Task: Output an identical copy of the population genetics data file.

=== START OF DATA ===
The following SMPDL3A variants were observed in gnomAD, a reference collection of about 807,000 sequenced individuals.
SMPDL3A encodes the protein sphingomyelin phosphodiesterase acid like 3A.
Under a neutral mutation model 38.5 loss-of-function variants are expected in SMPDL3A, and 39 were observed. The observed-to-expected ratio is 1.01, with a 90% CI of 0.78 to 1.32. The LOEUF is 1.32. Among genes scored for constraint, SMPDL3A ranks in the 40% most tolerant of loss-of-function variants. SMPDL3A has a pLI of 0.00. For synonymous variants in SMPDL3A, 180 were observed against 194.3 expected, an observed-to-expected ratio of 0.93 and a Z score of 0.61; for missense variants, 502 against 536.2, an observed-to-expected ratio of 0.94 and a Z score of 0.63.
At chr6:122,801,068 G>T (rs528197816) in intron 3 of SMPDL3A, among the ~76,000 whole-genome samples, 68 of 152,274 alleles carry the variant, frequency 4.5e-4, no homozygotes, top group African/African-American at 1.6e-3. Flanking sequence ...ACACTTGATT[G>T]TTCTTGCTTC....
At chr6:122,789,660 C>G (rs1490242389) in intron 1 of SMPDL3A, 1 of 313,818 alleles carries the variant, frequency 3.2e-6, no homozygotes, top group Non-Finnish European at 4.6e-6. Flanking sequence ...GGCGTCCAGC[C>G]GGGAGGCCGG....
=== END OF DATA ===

The following SMPDL3A variants were observed in gnomAD, a reference collection of about 807,000 sequenced individuals.
SMPDL3A encodes the protein sphingomyelin phosphodiesterase acid like 3A.
Under a neutral mutation model 38.5 loss-of-function variants are expected in SMPDL3A, and 39 were observed. The observed-to-expected ratio is 1.01, with a 90% CI of 0.78 to 1.32. The LOEUF is 1.32. Among genes scored for constraint, SMPDL3A ranks in the 40% most tolerant of loss-of-function variants. SMPDL3A has a pLI of 0.00. For synonymous variants in SMPDL3A, 180 were observed against 194.3 expected, an observed-to-expected ratio of 0.93 and a Z score of 0.61; for missense variants, 502 against 536.2, an observed-to-expected ratio of 0.94 and a Z score of 0.63.
At chr6:122,801,068 G>T (rs528197816) in intron 3 of SMPDL3A, among the ~76,000 whole-genome samples, 68 of 152,274 alleles carry the variant, frequency 4.5e-4, no homozygotes, top group African/African-American at 1.6e-3. Flanking sequence ...ACACTTGATT[G>T]TTCTTGCTTC....
At chr6:122,789,660 C>G (rs1490242389) in intron 1 of SMPDL3A, 1 of 313,818 alleles carries the variant, frequency 3.2e-6, no homozygotes, top group Non-Finnish European at 4.6e-6. Flanking sequence ...GGCGTCCAGC[C>G]GGGAGGCCGG....